5. Are there any youth groups, community organizations, NGO or INGOs actively working to address solid waste management issues in your community? Who are they and what are they doing. What can we learn from them? If possible, take a field trip and check out their work!

I have read about such groups in Turkey, though not in my city. There is the student group at the university that organizes events sometimes, but I would like to see more.

6. What are some opinions that local people have about this issue?


First of all, it is often hard to find a trash can anywhere in a public place. Some businesses or government offices hire someone to sweep the sidewalk in front of their buildings, but just beyond there might be an entire lot full of garbage. Sometimes it seems the plastic bottles we separate in our building might actually be recycled, but other times I am doubtful. People love plastic bags here. I brought my own reusable grocery bag from the United States, and I take it with me to the farmer’s market or grocery store whenever I go. People still want to bag up any goods I purchase in plastic bags, and then place those into my giant reusable bag. This defeats the purpose! I try to explain, but sometimes people are actually offended because they want me to carry the plastic bag with the name of their store displayed on it, like a walking advertisement. Sigh. I never throw plastic bags in the garbage, rather I save them for packaging or to reuse them. There are far too many plastic bags used in Turkey. Naturally, some of these fly around and end up getting stuck in trees or in bushes. Turkey is a beautiful country, and I cannot believe how people treat it when it comes to garbage. When riding on the dolmuş, the driver will press the button to automatically open the side door while we are driving down the highway so nice-looking grown men can throw their plastic bottles out onto the street. What??!! This to me is just crazy.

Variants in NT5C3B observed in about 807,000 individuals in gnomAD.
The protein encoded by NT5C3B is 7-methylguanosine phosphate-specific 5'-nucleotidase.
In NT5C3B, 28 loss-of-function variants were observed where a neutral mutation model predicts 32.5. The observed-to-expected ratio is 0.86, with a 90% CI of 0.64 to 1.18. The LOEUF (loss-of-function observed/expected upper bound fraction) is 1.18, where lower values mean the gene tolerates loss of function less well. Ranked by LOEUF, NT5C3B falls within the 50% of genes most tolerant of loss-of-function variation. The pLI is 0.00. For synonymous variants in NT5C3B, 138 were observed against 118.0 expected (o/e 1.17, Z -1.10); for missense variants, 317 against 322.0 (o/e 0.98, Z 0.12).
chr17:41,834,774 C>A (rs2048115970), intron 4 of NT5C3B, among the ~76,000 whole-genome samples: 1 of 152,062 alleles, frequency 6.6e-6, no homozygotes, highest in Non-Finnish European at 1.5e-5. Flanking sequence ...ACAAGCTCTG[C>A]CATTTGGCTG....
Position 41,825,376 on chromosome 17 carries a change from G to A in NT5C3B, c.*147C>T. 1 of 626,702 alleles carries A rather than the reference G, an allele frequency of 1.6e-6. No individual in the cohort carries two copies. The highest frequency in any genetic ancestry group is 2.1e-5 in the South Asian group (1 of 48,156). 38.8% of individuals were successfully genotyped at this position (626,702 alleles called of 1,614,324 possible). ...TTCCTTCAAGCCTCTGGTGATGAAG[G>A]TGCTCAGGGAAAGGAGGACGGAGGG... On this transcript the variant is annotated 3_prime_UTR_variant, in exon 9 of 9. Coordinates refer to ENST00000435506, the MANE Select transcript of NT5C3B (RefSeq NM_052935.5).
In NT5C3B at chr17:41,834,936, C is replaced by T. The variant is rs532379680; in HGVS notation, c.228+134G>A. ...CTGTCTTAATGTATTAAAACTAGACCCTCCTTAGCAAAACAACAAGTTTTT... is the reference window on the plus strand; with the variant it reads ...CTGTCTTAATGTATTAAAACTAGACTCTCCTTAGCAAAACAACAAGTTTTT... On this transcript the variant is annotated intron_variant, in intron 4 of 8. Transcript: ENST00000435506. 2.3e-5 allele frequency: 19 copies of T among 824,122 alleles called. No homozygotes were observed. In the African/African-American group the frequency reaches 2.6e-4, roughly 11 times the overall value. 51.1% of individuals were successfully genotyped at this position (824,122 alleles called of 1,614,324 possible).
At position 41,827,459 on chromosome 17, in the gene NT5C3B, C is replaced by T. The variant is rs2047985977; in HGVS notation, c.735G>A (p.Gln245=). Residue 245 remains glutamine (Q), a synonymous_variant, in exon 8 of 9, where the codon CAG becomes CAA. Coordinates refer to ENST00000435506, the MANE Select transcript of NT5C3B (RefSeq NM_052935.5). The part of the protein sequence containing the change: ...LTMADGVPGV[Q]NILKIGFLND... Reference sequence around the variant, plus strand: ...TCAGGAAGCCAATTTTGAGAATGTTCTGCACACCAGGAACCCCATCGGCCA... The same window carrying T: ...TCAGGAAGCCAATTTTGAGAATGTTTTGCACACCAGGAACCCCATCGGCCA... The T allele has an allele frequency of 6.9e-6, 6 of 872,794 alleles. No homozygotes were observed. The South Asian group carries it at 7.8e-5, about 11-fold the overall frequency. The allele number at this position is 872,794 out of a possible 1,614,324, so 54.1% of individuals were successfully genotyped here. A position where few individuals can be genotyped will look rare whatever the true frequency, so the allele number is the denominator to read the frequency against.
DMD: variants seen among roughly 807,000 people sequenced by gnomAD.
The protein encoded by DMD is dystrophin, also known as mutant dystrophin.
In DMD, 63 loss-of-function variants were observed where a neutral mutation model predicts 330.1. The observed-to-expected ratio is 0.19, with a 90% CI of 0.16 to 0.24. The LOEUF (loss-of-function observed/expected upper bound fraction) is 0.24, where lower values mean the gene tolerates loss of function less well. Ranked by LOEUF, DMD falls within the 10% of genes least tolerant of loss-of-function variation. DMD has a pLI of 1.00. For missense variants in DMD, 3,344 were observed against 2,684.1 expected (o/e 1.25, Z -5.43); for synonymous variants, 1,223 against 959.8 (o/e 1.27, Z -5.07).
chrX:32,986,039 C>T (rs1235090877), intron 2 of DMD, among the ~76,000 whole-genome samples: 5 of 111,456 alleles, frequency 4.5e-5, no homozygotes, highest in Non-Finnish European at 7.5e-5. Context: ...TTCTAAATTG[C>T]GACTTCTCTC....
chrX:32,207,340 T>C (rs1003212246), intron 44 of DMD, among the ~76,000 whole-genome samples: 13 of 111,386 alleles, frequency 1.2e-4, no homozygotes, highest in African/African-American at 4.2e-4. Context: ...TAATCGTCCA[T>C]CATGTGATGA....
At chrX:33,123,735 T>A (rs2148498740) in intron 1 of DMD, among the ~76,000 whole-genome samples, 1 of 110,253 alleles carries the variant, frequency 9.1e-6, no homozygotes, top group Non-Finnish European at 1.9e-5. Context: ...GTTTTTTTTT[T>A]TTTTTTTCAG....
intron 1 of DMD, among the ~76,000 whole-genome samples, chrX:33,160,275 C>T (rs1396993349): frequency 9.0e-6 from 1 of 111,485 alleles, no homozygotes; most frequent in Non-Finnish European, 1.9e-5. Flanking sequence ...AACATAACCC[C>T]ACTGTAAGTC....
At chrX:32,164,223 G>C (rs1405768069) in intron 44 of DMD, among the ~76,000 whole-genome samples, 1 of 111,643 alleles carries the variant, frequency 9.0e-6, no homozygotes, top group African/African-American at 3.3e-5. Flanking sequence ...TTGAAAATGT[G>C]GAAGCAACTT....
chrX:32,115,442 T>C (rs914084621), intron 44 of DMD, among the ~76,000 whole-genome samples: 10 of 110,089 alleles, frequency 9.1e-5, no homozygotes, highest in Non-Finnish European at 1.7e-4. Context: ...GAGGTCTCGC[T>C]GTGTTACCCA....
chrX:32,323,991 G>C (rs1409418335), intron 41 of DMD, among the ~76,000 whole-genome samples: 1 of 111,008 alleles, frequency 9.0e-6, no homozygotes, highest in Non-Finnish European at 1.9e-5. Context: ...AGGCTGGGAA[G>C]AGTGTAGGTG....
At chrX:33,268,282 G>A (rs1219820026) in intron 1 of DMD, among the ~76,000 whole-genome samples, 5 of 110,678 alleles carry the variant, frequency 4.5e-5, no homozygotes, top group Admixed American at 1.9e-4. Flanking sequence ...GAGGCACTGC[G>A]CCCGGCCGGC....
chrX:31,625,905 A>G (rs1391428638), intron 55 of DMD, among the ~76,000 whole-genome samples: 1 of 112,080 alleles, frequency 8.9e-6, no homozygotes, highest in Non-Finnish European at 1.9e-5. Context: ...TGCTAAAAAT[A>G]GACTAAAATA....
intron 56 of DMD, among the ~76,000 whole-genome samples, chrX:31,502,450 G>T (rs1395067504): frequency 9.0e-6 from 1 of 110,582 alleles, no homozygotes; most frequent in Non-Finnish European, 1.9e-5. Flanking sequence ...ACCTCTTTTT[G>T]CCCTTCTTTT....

Tap water is okay to drink in most parts of Turkey, but in some places it is best to drink bottled water. Some people purchase very large jugs of water to keep in their home. This is better than many smaller bottles, but it still creates waste.

Not everyone agrees with the concept of throwing trash on the street, on the side of the road, or anywhere for that matter. They might make “tsk tsk” sound when they see someone do this, but nothing is really done about it. I make a point to pick up large water bottles or such things, but because of the lack of proper trash cans, I might end up carrying the trash with me for quite a while.

Smoking cigarettes is still very popular in Turkey, and people throw these absolutely everywhere. Unfortunately, they seem to throw just about everything everywhere. This is an issue I really hope will be resolved before long. Again, this country is so gorgeous. I do not know what will happen if people don’t stop throwing trash on the land.